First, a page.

Political campaigns

The New York Times uncovers a Wyoming-based effort to sabotage political campaigns

Wapiti resident Erik Prince is one of many associated with a Wyoming-based effort to infiltrate political campaigns and obtain “dirt” to sabotage candidates.

The New York Times published an article chronicling a spy effort based in Wapiti, Wyoming. Authors Mark Mazzetti and Adam Goldman interviewed dozens of people, including several Wyoming politicians, to piece together the story.

According to the article, “Agents have infiltrated progressive groups across the West in an attempt to manipulate politics and reshape the national electoral map. They also targeted moderate Republicans — anyone seen as a threat to hardline conservatives.

There are several key figures in the effort:

  • Beau Maier and Sofia LaRocca – the duo responsible for gaining the trust of political candidates and gaining access to their offices and campaigns. Both attended fundraisers and political meetings; LaRocca has even been hired by political organizations.
  • Ricard Seddon – A former British spy with a Cody address and ties to Wapiti resident Erik Prince
  • Susan Gore – A wealthy Wyoming heiress and conservative donor who funded the innuendo effort

Maier and LaRocca were the main “undercover conservative agents”. Together, the duo used money and the facade of progressive advocacy to push their way into political circles, eager to gain trust and information.

According to the NYT article:

“Mr. Maier and Ms. LaRocca were part of a conservative sting operation to infiltrate progressive groups, political campaigns and the offices of moderate Democratic and Republican elected officials during the 2020 election cycle, according to interviews and reports. documents.

Using large campaign donations and cover stories, agents aimed to collect filth that could sabotage the reputations of people and organizations deemed threats to a far-right agenda advanced by President Donald J. Trump.

Wyoming was a key part of the effort. The New York Times describes it as “a base for insinuating himself into the political fabric of this state and at least two others, Colorado and Arizona.”

Erik Prince, the Wapiti resident and security contractor, is directly involved in the effort. The NYT article says Prince recruited Seddon early in the Trump administration. Seddon was accused of “hiring former spies to train conservative activists in the basics of espionage and sending them on missions of political sabotage”.

Locally, Prince is best known as the person behind the “Don’t California Our Cody” billboard near Yellowstone Regional Airport.

Many of those involved in the effort met while “training” at Prince’s ranch in Wapiti. They were involved with Project Veritas, the activist group that uses secret tapes of undercover operations to discredit mainstream media and progressive groups.

Seddon, Maier and LaRocaa left Project Veritas for the new Wyoming-based company to engage more actively in “a classic spy operation”. Gore would have covered the expenses incurred during this venture.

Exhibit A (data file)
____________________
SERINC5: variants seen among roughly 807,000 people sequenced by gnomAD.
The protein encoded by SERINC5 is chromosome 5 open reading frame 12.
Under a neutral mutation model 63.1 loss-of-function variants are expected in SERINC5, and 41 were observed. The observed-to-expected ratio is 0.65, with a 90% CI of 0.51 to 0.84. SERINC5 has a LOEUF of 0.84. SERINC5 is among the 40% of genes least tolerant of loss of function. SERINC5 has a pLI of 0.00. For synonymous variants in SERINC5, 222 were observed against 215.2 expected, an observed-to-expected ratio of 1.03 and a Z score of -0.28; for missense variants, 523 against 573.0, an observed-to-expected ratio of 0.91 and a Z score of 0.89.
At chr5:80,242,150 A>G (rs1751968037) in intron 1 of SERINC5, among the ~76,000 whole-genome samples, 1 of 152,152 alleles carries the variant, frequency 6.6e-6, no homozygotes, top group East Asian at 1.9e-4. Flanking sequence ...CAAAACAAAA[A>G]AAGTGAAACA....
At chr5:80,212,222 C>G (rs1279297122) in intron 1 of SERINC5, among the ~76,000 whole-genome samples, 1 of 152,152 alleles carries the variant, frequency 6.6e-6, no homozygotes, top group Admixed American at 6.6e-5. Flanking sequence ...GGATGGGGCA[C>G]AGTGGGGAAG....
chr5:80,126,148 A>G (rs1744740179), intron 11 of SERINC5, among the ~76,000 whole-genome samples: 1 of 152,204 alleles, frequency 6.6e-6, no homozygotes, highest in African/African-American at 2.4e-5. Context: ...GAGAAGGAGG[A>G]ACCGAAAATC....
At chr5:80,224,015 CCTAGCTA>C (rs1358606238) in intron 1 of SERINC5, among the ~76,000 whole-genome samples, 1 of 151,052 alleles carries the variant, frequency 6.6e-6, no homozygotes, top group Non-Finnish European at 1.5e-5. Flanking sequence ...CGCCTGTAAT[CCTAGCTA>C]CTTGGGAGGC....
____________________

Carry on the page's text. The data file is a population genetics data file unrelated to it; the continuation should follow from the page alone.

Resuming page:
The targets were Democrats of all persuasions and moderate Republicans. According to the article, the effort had two main goals:

  1. Infiltrate local and national Democrat groups and circles for “long term intelligence gathering”.
  2. Collect “dirt” on moderate Republicans to use against them by President Trump and his allies.

According to the NYT article, Governor Mark Gordon and current Wyoming House Speaker Eric Barlow were the targets of this venture.

To achieve their goals, Maier and LaRocca made significant donations to Democratic campaigns. This gave them access to important events and great fundraisers.

LaRocca joined the Wyoming Young Democrats in 2019, saying she could flip Wyoming for Democrats. She even tried to become the vice-president of the group.

Shortly thereafter, LaRocca was hired by the Wyoming Investor Network, a group of wealthy Wyoming donors who historically donate to Democratic candidates and moderate Republicans. In his position, LaRocca had access to the complete list of candidates supported by the group.

The implication is that these were the first steps towards a greater endgame – seeping into local groups, and the campaigns were the stepping stones to doing the same on the national stage.

Overall, their effort doesn’t seem very well executed. Despite their gifts and eagerness, there were many suspicions about Maier and LaRocca from the start. But those suspicions didn’t stop them from having terrific access.

From 2019 to the 2020 election, Maier and LaRocca were both regular presences at political events. Then, shortly before the election, they “disappeared” and cut off all communication with former colleagues.

The scope and effectiveness of this effort are unknown, but it is unlike any other effort in the country’s history.

According to the New York Times:

“What the effort accomplished – and how much information Mr. Seddon’s agents gathered – is unclear. Sometimes their tactics were clumsy and amateurish. But the operation’s use of espionage to manipulate the politics of several states over the years goes well beyond the tactics of more traditional political dirty tricks operations.

You can read the full New York Times article here: https://www.nytimes.com/2021/06/25/us/politics/spies-conservatives-left-political-enemies.html?smid=url-share

Courtesy of The New York Times